Getting Sparrow’s Goat

By Tom Word

Sparrow Bates considered himself the best at his craft. Begrudgingly, so did most of his competitors, the twenty-odd other professional bird-dog handlers working the North American all-age circuit. Theirs was a small, little-known world of fierce competition, conducted on horseback from August to March, under unwritten rules unchanged over a century and a quarter. They competed on northern prairies early, then down the face of the continent’s game lands to the Deep South quail-plantation belt for the coldest months, with stops along the way in Kansas, Kentucky, Missouri, Ohio, Oklahoma, Illinois and Texas.
Sparrow Bates did not lack in confidence despite the fact he stood only five feet four inches tall in his ever-present cowboy boots. What he lacked in height, he made up for in strength–his shoulders were nearly as wide as he was tall. Sparrow campaigned a long string of pointers with different talents (and the usual weaknesses) for owners all across the country. He usually had a dog to put down that would fit the prejudices of any judge. Yes, Sparrow was shrewd. And he wasn’t afraid to work, the secret to consistent winning in his craft.
Sparrow had his peculiarities, as do all who go down the road on the circuit, year after year, driving a dually pulling a trailer long as a school bus, crammed with walking horses, bird dogs, and tack. For one thing, Sparrow was exceptionally frugal. So frugal that at his training camp on the North Dakota prairie, which he shared summers with his lifelong friend and fellow handler Beck Kearney, he bummed cigarettes from Beck or visiting dog owners, so he wouldn’t have to buy his own supply. Still, year after year, Sparrow’s name appeared high in the Handler of the Year rankings, and one or more of his dogs always stood near the top in the Purina Top Bird Dog list.
Beck Kearney was a top handler too. He was a character, a tease and a trickster, always looking for a way to get Sparrow’s goat. He’d plant rumors about Sparrow’s dogs so they'd get back to Sparrow. This drove Sparrow wild with worry, and Sparrow was a born worrier. But Sparrow was also a master at figuring out what his dog had to do to win. He never stopped plotting strategy–look in his beady eyes and you could almost see the wheels turning in his brain.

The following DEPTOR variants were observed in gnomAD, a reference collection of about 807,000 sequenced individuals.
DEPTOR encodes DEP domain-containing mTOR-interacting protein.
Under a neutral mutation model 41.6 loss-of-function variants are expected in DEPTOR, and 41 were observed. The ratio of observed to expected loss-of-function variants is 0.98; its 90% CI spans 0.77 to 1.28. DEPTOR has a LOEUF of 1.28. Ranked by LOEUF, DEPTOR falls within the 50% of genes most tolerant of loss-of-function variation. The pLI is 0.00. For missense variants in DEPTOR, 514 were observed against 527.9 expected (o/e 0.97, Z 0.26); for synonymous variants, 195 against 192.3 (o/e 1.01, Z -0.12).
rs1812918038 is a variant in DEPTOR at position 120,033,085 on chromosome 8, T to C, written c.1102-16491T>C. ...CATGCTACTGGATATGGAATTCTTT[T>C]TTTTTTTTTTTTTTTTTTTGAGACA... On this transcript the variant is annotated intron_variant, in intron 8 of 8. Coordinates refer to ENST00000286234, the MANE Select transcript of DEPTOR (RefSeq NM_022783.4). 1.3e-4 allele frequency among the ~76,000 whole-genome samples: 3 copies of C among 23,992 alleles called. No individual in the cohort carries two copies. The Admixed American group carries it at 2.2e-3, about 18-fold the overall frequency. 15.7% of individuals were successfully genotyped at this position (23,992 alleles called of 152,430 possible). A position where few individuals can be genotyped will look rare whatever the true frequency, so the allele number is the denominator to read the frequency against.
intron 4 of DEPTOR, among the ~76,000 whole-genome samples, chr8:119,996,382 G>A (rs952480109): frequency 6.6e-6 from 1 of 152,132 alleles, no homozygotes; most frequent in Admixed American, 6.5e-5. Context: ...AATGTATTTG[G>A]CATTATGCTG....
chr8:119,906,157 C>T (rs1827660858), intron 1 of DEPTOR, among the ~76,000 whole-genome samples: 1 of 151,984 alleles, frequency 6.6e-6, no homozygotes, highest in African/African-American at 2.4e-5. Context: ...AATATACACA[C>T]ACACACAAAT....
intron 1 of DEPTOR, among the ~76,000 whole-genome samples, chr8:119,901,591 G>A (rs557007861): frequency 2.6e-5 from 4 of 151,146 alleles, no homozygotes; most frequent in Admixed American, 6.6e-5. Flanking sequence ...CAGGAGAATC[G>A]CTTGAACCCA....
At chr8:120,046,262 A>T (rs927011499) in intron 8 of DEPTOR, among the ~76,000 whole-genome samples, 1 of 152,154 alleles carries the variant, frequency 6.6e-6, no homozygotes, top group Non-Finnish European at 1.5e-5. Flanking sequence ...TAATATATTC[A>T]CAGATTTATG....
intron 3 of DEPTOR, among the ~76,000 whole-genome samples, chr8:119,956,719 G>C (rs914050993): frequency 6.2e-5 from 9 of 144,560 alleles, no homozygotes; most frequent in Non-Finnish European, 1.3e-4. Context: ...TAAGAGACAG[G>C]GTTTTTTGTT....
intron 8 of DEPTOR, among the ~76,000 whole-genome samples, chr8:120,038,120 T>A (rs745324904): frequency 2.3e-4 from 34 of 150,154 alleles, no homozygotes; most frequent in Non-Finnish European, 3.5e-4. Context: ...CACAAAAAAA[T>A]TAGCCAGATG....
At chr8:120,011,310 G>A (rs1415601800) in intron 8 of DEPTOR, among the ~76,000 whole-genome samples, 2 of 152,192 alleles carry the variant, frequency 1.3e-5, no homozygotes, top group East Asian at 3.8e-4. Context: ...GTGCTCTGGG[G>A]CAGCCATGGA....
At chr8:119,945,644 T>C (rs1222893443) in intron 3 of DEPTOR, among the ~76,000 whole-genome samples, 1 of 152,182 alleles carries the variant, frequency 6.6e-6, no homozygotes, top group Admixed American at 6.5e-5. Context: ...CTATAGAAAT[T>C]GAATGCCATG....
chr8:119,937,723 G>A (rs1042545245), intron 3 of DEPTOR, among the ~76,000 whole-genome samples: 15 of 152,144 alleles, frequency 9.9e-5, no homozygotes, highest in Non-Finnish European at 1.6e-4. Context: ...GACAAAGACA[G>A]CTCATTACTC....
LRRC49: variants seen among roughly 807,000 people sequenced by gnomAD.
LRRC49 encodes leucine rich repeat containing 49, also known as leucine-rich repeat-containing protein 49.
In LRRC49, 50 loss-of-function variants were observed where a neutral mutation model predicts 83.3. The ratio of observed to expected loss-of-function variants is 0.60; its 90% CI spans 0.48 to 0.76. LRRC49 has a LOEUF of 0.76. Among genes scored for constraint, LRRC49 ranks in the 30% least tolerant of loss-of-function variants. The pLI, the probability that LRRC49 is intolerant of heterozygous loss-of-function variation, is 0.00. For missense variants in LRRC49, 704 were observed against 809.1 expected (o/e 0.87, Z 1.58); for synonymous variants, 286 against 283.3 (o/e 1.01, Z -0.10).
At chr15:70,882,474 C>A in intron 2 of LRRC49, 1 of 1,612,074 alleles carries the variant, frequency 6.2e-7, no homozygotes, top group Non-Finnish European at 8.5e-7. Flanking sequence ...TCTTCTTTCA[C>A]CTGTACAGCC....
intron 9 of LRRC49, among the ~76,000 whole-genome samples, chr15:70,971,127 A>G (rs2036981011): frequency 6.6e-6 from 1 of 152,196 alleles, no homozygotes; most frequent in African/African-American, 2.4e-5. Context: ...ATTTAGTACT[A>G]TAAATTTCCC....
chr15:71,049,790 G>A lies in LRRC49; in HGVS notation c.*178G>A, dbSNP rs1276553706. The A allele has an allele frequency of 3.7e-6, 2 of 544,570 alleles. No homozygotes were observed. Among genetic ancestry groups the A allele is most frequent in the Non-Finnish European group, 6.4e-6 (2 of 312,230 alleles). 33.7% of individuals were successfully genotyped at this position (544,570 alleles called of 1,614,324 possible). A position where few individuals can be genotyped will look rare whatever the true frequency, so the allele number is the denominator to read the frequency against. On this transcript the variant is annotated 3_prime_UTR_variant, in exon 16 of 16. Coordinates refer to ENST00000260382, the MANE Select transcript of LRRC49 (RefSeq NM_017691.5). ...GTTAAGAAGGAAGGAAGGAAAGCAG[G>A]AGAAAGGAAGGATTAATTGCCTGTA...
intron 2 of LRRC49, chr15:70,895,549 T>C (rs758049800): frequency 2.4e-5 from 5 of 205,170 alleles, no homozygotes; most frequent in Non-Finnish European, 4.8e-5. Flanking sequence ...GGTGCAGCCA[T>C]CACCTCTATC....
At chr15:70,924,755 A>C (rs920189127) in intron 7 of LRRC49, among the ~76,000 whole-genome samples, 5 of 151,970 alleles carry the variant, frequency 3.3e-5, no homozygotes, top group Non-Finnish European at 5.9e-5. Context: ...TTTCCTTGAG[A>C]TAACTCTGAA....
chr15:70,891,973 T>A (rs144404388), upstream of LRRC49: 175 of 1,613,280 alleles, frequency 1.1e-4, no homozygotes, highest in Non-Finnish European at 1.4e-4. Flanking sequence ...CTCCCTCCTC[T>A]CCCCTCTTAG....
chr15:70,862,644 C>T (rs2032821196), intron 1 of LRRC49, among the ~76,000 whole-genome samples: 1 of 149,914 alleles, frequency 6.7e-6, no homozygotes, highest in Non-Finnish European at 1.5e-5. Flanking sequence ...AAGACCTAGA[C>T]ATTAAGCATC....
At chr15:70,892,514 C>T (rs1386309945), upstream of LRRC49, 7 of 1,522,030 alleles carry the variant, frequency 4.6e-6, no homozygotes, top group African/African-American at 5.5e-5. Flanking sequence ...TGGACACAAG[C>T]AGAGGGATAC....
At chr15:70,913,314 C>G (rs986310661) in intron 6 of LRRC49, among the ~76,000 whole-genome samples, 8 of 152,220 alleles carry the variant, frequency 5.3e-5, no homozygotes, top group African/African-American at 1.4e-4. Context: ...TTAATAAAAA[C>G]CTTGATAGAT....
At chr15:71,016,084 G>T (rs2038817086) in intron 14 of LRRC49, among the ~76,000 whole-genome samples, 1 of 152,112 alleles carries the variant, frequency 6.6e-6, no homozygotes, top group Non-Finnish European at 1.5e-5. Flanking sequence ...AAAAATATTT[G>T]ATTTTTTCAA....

March had arrived when on a Saturday morning Sparrow and Beck stopped at Martin’s Corner Store near Hatchachubbie to buy crickets for a first go after bream. Inside the store loafed Mose Dillard, an elderly black man who for three decades had worked on Mossy Swamp Plantation where the season’s last trial was set to start Monday. Sparrow and Beck were entered, for they were within 100 points of each other at the top of the Handler of the Year list, and each had a dog that could capture the Purina Award with a win at Mossy Swamp. Mose served as front marshal for the Mossy Swamp trial. He knew every covey location on the place. As marshal, he was adept at showing handlers he favored how to find those birds with their dogs, and equally adept at steering handlers around the coveys if he didn’t favor them. Whether Mose favored a handler depended on whether the handler had greased Mose’s palm appropriately.
When Beck spotted Mose in Martin’s Store, he saw a chance to get Sparrow Bates’ goat. While Sparrow dipped crickets with a net from the store's screen-wire bin, Beck approached Mose and handed him four bills from his wallet, being sure Sparrow saw the handoff. Beck also whispered something to Mose that Sparrow didn’t hear.
Sparrow sent Beck to the truck with the crickets and ice for their cooler, then asked Mose to join him on the porch. There the two had a brief exchange, and Beck saw Sparrow hand Mose five bills from his wallet. (Mose looked shocked but pleased as he inspected Sparrow's bills and inserted them in the chest pocket of his bibbed overalls, muttering “Thank you, Suh!”)
The fishing proved good that morning. Beck especially enjoyed it. “What are you smiling about?” Sparrow asked as he noticed the serene look on Beck’s whiskered countenanced as he cast to the bank of the millpond.
“Just thinking,” Beck answered noncommittally. When at noon Sparrow rowed the boat to the dock, they had a hundred bream in their buckets, none smaller than one of Sparrow’s large gnarled hands.

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The Mossy Swamp trial was predrawn, and Sparrow had his best dog to run in the first brace Monday morning. Beck didn’t have a dog to run until after lunch, but he made sure to be on hand well before the 8 a.m. breakaway. He was mounted at the starting place when Sparrow rode up and spoke to the judges. Beck bit his lip as he watched Sparrow scan the crowd, looking for Mose. Finally, Sparrow asked, “Where’s Mose?”
“He don’t work here no more, retired first of January,” replied Sam Green, Mossy Swamp’s manager. Beck knew this before he saw Mose at Martin’s Store. The four bills he’d given Mose were ones, delivered with “I hope you are enjoying your retirement, Mose.” The five bills Sparrow had delivered to Mose on the store's porch had been twenties. Yes, Beck had finally gotten Sparrow’s goat.


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